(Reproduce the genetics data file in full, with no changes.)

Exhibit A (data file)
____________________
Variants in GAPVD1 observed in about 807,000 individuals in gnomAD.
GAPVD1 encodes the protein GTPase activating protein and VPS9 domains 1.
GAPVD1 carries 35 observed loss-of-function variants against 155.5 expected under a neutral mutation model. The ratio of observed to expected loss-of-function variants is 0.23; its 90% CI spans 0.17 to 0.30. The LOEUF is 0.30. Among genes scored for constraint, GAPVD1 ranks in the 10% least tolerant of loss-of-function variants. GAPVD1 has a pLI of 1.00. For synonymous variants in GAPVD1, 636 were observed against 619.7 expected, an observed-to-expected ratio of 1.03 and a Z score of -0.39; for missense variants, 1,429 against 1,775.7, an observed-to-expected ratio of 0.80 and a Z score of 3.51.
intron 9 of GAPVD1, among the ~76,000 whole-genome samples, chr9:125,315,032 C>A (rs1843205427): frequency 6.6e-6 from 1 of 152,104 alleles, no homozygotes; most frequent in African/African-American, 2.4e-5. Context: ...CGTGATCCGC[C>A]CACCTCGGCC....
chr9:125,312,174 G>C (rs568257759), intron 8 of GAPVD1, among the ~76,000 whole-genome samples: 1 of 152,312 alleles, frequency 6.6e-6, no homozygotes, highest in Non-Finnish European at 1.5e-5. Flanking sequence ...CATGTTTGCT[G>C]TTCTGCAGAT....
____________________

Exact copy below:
Variants in GAPVD1 observed in about 807,000 individuals in gnomAD.
GAPVD1 encodes the protein GTPase activating protein and VPS9 domains 1.
GAPVD1 carries 35 observed loss-of-function variants against 155.5 expected under a neutral mutation model. The ratio of observed to expected loss-of-function variants is 0.23; its 90% CI spans 0.17 to 0.30. The LOEUF is 0.30. Among genes scored for constraint, GAPVD1 ranks in the 10% least tolerant of loss-of-function variants. GAPVD1 has a pLI of 1.00. For synonymous variants in GAPVD1, 636 were observed against 619.7 expected, an observed-to-expected ratio of 1.03 and a Z score of -0.39; for missense variants, 1,429 against 1,775.7, an observed-to-expected ratio of 0.80 and a Z score of 3.51.
intron 9 of GAPVD1, among the ~76,000 whole-genome samples, chr9:125,315,032 C>A (rs1843205427): frequency 6.6e-6 from 1 of 152,104 alleles, no homozygotes; most frequent in African/African-American, 2.4e-5. Context: ...CGTGATCCGC[C>A]CACCTCGGCC....
chr9:125,312,174 G>C (rs568257759), intron 8 of GAPVD1, among the ~76,000 whole-genome samples: 1 of 152,312 alleles, frequency 6.6e-6, no homozygotes, highest in Non-Finnish European at 1.5e-5. Flanking sequence ...CATGTTTGCT[G>C]TTCTGCAGAT....